Carrie Johnson spent much of her childhood in La Jolla as a competitive gymnast, but quit the sport when she was 11 after a broken elbow slowed her progress. She eventually found an outlet for all her youthful energy in a local junior lifeguard program, and through that experience, discovered a love of kayaking. Years later, she now realizes just how fateful that turn of events was, as she prepares for her second Olympic Games in flatwater kayaking.
Johnson, a 2002 graduate of La Jolla High School, will compete in the women’s 500-meter individual (K-1) flatwater kayaking event at the Beijing Olympics.
“I’m tremendously excited,” Johnson said. “This is something I’ve been looking forward to for a very long time.”
Kayaking competition starts Aug. 18 at the Shunyi Rowing-Canoeing Park, which is about an hour away from most of the other Olympic venues in Beijing. Women’s heats will be contested on Aug. 19, followed by the semifinals on Aug. 21 and the final on Aug. 23. Much of the competition is scheduled to be covered on NBC or one of its affiliates – check the TV and online listings at NBCOlympics.com for more information.
While the glamour sports like gymnastics, swimming and track have been staples of the Olympic Games seemingly forever, Johnson’s sport has a long history in the Games as well. Flatwater sprint kayaking was added to the Olympic lineup as a full medal sport at the 1936 Berlin Games.
There are men’s and women’s divisions, and athletes can compete as individuals or in boats of two or four paddlers. The races are held at distances of 200, 500 and 1,000 meters, always in fresh water that must be still to avoid presenting a competitive advantage or disadvantage to any team or individual. Similar to swimming, each competitor or team is assigned to a lane, which is separated from the next by a row of buoys.
The single kayak that Johnson will paddle is 16 feet long, just wide enough to sit in, and weighs 26 pounds.
“It takes a long time to figure out the balance and be able to push yourself to go faster while still being able to stay in the boat,” Johnson said with a laugh.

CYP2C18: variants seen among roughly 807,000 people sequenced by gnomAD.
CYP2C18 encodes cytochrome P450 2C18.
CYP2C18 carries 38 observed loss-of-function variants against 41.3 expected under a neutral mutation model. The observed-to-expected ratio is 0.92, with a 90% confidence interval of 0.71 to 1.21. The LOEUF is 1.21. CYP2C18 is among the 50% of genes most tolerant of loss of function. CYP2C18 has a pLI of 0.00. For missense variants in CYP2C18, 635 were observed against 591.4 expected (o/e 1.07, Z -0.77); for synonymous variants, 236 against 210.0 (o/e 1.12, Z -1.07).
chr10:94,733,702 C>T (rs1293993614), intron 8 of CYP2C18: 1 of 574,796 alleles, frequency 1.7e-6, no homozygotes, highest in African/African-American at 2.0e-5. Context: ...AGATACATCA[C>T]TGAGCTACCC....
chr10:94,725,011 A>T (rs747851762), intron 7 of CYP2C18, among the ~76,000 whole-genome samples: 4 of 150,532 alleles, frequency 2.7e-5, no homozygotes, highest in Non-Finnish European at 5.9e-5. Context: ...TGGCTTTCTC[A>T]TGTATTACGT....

Johnson has had plenty of time to get used to it, though. She was a junior lifeguard for five years, and she and her fellow aspiring lifeguards would often play kayak water polo as a fun activity that also developed their skills on the water. One of the instructors was Chris Barlow, a 1992 kayak Olympian who also organized a Saturday morning kayaking group in Mission Bay.
Johnson began attending the sessions, and soon became serious about the sport. She started seriously considering her Olympic aspirations as early as 2000.
Johnson, now 24, competed in her first Olympics at the 2004 Athens Games. There, she paddled in the K-1 and K-4 (four-person) events, and finished 10th in both events. It was her first major international competition, and being one of the youngest competitors on the U.S. team, she said she gained tremendous experience from being there.
“I was kind of thrown into the fire, so it was sort of a learning experience,” Johnson said. “We were disappointed in the result, but in retrospect, I am extremely happy I even got to be there. It showed me the level that the top paddlers were at internationally and showed me where I needed to be to be in medal contention. Hopefully I’ll be there for this Olympics.”
Since competing in Athens, Johnson has improved greatly. In 2006, she won five national titles and won bronze at a World Cup event. Last year, she secured the United States’ Olympic berth by finishing fifth at the Worlds, and earlier this year, she secured her spot on her Olympic team with a win at the trials in Oklahoma City.
She has done all this while on medication to battle Crohn’s disease, an autoimmune condition that causes inflammation of the digestive tract. The condition kept her out of the water for a time, but she has learned to manage it.
“That was really hard, but being away from the sport showed me just how much I love it.”
Johnson and her U.S. Olympic Canoeing/Kayaking teammates were scheduled to leave the country on July 31 and head to Komatsu, Japan for two weeks of training. The team then plans to travel to Beijing on Aug. 14 and spend a few days settling in and training at the event site before the competition starts.
Based on her previous experience, Johnson believes that she is considerably better prepared to achieve her goal of reaching the medal stand in Beijing.
“I’ve raced at world championships every year since 2004 and have put up some really good results,” she said. “I’m feeling really good about the progress I’ve made and the place I’ve put myself in for the Games.”